Posts Tagged ‘Retention’


The irate customer is our own creation.

I have faced customers and members spitting mad, so mad I thought they may be on the verge of a cardiac event (we have an AED on site).  I usually smile — not patronizingly, simply because I know they are right.  Unreasonable?  Yes.  Delusional? Sometimes.  Insulting?  Occasionally.  Wrong?  Not always.  The customer may not always be “right”, but when they are “wrong” it may be our doing, not theirs.

When a customer “loses it” the event is a great time for organizational introspection.  Peeling back the layers of the rotten onion and what do we usually find — we created an expectation that was not delivered.  Kind of like the CSI of customer service failure.  In a membership organization like ours we live and die by member attrition and retention.  They are our lifeblood, our fans, donors, advocates, evangelists, end-users and our finest critics.

Absolutely everything we do is marketing.  The program starting late, broken bottle in the parking lot, dirty restrooms, inattentive welcome staff, broken equipment — it is all marketing.  The gap between expectations and actual experiences occurs in our marketing/advertising message and through our delivery.  We must live in and master that gap.  It is where we will thrive.

“It is 12 times more expensive to gain a new customer that keep a current customer”…BLAH, BLAH, BLAH!!!  Who really cares, if you’re marketing a mansion and serving up a double-wide you’ll have neither.

We must lead by expectations, just as we lead the experience.  “Your call is very important to us…”  Then why isn’t anyone talking to me?  I am absolutely convinced that the line about the call be recorded for customer service monitoring is to prevent nuts like me from really going off.

“The ad said.”  “Your flier states.”  “Your promotion reads.”  Fine print?!  Darn, the line to use the Haldron Collider (world’s largest microscope) was too long and I couldn’t use it read the fine print.  In the last nanosecond of the TV commercial I was supposed to read that there is only one model available at that price with those features?  And it’s in Yuma?  And it was only for sale for 17 minutes on the 2nd Thursday of the month only if my last name ended “Q”?  Oh, but you can show me a similar model, different color, no features, different brand, and no warranty?  No thank you and I didn’t know there was such a thing as upgraded AM HD radio.  We sit back comfortably righteous knowing that if they’d taken the time to read the fine print or didn’t have such high expectations they would know we’re right.  Wrong.  We’d have time to sit back because we would have no one to serve.  I tell my staff that if it won’t fit in a text message (or a tweet – 140 characters) we will not advertise it or promote it.  Keep it simple.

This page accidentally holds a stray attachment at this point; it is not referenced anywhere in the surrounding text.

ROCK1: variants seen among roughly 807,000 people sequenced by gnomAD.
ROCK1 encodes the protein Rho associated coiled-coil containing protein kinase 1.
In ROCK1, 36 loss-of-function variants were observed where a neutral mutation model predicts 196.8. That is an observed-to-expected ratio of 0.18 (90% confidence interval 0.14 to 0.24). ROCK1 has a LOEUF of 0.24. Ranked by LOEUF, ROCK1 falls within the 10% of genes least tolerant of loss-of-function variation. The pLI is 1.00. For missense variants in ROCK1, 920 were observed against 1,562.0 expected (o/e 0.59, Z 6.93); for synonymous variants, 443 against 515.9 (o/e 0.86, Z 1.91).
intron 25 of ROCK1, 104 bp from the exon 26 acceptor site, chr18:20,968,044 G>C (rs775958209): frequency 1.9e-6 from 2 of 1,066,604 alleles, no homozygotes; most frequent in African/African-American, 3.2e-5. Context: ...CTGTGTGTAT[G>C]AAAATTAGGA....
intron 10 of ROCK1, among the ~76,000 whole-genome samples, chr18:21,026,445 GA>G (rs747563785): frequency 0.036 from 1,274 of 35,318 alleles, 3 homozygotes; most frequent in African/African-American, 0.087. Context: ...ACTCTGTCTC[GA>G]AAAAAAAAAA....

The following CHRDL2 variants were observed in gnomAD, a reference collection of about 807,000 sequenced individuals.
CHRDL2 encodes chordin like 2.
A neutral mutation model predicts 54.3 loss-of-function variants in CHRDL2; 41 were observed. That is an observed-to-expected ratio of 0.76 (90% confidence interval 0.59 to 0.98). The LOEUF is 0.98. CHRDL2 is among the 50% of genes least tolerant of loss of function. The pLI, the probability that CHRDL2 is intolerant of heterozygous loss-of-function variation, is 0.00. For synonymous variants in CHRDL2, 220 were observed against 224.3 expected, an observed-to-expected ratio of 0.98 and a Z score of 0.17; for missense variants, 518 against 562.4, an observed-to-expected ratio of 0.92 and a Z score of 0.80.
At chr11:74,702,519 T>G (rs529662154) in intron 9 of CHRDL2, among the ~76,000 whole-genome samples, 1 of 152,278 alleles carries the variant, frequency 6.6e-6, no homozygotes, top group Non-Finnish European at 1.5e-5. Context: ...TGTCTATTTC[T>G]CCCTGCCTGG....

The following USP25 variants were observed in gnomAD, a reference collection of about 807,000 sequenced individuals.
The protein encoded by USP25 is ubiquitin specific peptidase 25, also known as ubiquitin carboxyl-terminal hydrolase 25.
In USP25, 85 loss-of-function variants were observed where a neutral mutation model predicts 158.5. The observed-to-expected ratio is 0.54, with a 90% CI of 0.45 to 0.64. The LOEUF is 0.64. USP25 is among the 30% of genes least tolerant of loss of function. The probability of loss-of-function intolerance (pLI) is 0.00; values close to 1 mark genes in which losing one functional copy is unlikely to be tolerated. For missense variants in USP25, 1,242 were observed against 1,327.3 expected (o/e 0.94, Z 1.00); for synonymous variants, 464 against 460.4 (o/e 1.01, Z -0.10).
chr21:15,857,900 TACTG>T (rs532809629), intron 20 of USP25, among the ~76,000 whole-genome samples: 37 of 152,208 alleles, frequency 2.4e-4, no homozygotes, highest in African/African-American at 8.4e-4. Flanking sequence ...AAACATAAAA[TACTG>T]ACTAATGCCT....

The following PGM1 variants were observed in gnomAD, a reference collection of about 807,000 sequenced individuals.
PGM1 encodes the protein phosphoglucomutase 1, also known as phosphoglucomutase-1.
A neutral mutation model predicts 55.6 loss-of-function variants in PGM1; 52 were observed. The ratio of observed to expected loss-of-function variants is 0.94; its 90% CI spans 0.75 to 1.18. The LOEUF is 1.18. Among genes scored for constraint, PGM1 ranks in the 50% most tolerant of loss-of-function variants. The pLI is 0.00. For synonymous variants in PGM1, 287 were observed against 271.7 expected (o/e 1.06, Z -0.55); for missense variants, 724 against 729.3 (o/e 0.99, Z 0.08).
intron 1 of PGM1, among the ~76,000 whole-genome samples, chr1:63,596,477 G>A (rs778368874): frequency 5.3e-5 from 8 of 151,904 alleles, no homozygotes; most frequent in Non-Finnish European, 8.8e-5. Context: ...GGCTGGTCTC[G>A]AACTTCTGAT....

If you are promising the world.  Deliver it. Otherwise get real.

Ads I’ve spied this month:

You won’t find lower prices, ever. (make a bet)
Take 10 years off today. (botox sign – can I select which years?)
Lose 25 lbs. in a week. (cutting limbs off?)
We drive a hard bargain. (you’re tough to negotiate with?)
We are the cheapest in town. (is it safe?  is it stolen?)

What if we kept it real?  What if our advertising matched what we could deliver?  Marketing our true selves.

You won’t be ready for the runway, but we’ll make sure you can handle the stairway.
Bikinis aren’t for all of us so we’ll have you swimsuit ready in 12 weeks.
Stop chasing a six pack, we’ll help you lose the keg.
Participating in our family programs won’t make you a better family, but you’ll sure have fun…together.

Under promise and over deliver?  No.  Promise what you can deliver.

An irate customer we’ve only had a brief relationship with is our fault.  We communicated an expectation that we would not or could not deliver.

Keep it real.  Keep your customers.

Photo by: Frank Stein

photo credit:

wake up call

I’m a fan and follower of Jonathan Fields (link to his blog).  He’s one of those jedis, mavericks, or renegades (do not call him ‘guru’), the kind of leader you hope to emulate.  I once heard that to make history (in anything – work, life, your organization) you have to misbehave.  In Johnathan’s teachings I’ve found that you can make history not by misbehaving, but by simply behaving differently.  His journey captivates a health/wellness/non-profit minion like myself.  The dude made the leap and came out the other side shiny, healthy and happy.  I’m happy to boast we have a lot in common: raising young daughters, broken 40+ year old bodies (he’s in far better shape), passion for health and fitness…well I digress, we have a few things in common.

He posted a blog that should have been a severe wake up call to the health and fitness industry in February and I have been unable to stop thinking about it and continue to refer back to it.  The post is titled Business Strategy: The Recurring Income Trap (click for it).